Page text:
PM smears traditional marriage supporters as she celebrates redefinition

The Prime Minister has proclaimed same-sex marriage to be one of her party’s proudest achievements and smeared traditional marriage supporters as ‘lacking compassion’.

During her speech at the Conservative Party conference yesterday, Theresa May celebrated the fact that it was her party which got same-sex marriage “on the statute book”.

She added: “So let us never allow the Left to pretend they have a monopoly on compassion.”


Coalition for Marriage (C4M), the UK’s largest pro-marriage group, said the comments were an “extraordinary attack on supporters of traditional marriage”.

Thomas Pascoe, Campaign Director of the group, said: “The implication that supporters of traditional marriage lack compassion is deeply unjust.

“Signatories of our petition against changing the definition of marriage include a great many people who live their lives in the service of others. It was unworthy of the Prime Minister to tar them as lacking compassion”.

Political correctness

In recent days, Conservatives have urged the Prime Minister to ditch the party’s “politically correct” policies.

A ComRes poll of 550 Tory councillors found widespread opposition to the Government’s current priorities.

In the poll commissioned by C4M, 75 per cent of respondents said schools should promote traditional models of family and marriage.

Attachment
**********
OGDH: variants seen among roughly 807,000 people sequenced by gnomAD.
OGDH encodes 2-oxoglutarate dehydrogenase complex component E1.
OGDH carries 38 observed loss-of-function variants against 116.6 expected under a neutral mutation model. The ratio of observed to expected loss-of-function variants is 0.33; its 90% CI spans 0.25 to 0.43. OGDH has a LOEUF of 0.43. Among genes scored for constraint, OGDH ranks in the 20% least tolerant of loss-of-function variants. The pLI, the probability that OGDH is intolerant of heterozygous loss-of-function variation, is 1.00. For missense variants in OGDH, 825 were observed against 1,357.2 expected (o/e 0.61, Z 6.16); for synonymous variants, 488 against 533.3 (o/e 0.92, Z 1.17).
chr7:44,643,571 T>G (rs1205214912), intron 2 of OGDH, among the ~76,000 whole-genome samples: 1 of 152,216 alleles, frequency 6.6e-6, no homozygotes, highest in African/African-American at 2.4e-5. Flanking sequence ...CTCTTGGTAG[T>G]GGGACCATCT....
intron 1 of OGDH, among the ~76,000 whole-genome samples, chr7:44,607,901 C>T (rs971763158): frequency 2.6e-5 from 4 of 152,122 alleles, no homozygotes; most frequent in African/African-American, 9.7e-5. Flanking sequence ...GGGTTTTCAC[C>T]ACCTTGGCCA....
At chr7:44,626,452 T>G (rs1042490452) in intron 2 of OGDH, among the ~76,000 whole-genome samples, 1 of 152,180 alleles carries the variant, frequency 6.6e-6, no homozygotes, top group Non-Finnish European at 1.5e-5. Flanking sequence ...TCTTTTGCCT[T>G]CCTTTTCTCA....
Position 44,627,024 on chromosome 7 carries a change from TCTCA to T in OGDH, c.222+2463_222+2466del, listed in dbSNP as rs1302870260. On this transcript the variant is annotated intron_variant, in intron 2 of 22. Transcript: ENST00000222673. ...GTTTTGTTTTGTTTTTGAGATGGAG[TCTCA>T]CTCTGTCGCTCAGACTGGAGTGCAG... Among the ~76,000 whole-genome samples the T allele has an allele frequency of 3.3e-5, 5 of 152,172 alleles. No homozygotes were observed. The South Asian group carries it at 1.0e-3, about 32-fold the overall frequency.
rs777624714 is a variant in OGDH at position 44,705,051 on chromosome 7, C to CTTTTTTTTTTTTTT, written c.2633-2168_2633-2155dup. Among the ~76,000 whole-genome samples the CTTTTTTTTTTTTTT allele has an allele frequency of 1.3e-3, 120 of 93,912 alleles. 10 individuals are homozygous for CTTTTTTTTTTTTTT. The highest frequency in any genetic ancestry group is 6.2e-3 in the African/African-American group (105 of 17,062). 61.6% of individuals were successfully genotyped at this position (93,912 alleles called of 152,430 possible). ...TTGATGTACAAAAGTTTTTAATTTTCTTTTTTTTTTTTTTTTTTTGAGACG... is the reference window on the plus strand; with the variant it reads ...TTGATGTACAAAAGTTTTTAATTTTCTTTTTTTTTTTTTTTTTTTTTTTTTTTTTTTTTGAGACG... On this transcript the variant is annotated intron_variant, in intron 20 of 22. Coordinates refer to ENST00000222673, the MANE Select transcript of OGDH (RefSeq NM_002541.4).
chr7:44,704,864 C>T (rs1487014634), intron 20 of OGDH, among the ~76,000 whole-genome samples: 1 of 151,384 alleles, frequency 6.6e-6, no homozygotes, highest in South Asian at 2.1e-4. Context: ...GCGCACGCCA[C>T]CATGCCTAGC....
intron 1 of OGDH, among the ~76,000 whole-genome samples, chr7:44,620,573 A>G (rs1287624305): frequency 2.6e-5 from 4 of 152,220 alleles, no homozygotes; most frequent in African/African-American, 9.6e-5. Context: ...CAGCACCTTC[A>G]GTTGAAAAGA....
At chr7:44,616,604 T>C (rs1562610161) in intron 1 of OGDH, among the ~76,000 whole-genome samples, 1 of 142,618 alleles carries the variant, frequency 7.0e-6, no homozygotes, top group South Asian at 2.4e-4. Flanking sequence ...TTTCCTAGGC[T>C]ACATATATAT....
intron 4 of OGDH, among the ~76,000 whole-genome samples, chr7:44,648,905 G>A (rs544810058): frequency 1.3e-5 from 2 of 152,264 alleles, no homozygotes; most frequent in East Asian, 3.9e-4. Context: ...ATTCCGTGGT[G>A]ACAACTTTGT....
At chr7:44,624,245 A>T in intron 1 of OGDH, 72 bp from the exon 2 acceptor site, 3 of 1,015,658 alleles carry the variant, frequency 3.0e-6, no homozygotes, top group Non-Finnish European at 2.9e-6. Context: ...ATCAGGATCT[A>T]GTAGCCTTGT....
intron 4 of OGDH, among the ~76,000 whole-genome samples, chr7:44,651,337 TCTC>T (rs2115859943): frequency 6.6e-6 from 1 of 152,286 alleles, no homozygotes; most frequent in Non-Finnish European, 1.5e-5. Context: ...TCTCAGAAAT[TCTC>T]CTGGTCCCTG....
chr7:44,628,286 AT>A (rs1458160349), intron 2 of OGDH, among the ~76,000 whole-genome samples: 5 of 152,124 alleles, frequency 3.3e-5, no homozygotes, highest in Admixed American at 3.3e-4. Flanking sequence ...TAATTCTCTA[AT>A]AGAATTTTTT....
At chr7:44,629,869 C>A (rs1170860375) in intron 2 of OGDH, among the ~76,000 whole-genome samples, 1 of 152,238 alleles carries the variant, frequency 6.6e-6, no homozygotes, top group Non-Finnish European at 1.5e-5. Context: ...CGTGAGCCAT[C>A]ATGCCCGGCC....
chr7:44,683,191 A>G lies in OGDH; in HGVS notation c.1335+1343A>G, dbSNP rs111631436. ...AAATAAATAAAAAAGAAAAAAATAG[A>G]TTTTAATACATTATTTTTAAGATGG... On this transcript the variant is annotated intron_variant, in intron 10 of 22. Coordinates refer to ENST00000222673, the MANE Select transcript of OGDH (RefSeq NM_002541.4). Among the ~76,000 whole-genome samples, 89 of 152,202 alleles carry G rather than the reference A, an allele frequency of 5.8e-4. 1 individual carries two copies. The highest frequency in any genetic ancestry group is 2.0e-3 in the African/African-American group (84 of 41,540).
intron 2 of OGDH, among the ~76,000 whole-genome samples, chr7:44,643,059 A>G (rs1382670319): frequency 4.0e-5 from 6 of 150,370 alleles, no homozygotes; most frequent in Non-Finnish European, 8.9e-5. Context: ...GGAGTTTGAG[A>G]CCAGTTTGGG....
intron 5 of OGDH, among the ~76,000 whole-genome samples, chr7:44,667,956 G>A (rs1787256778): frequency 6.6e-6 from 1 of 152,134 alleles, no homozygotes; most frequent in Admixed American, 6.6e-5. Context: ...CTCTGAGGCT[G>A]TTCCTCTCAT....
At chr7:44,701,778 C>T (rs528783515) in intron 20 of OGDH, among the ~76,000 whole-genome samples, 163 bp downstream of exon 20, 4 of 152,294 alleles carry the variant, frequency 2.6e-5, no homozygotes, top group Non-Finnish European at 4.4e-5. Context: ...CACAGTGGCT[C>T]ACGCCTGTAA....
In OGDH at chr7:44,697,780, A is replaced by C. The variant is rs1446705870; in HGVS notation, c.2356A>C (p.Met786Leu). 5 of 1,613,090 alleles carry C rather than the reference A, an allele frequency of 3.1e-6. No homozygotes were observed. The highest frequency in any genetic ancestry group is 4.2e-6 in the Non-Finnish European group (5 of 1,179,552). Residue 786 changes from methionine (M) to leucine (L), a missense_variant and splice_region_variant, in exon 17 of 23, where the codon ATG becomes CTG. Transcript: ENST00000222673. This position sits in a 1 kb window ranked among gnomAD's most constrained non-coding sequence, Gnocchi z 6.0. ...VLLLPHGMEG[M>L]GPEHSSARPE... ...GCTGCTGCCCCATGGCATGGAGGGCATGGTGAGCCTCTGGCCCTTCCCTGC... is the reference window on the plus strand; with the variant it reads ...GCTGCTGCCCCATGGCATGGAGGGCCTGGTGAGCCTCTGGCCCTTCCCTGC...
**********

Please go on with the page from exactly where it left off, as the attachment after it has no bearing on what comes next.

Mr Pascoe said the poll should serve as a “wake-up call” to Government ministers.

Vote loser

“The warning to Theresa May from her grassroots could not be clearer: stop the dumbed down, politically correct box ticking and concentrate on the job in hand.”

It is not the first time Conservative councillors have taken their party leaders to task over the introduction of homosexual marriage.

In July 2014, councillors warned David Cameron that his introduction of same-sex marriage was causing a decline in party membership.

Annual reports for some local associations showed an average drop of ten per cent across constituencies in 2013, at least 15 of which attributed the fall to gay marriage or unhappiness with national decisions.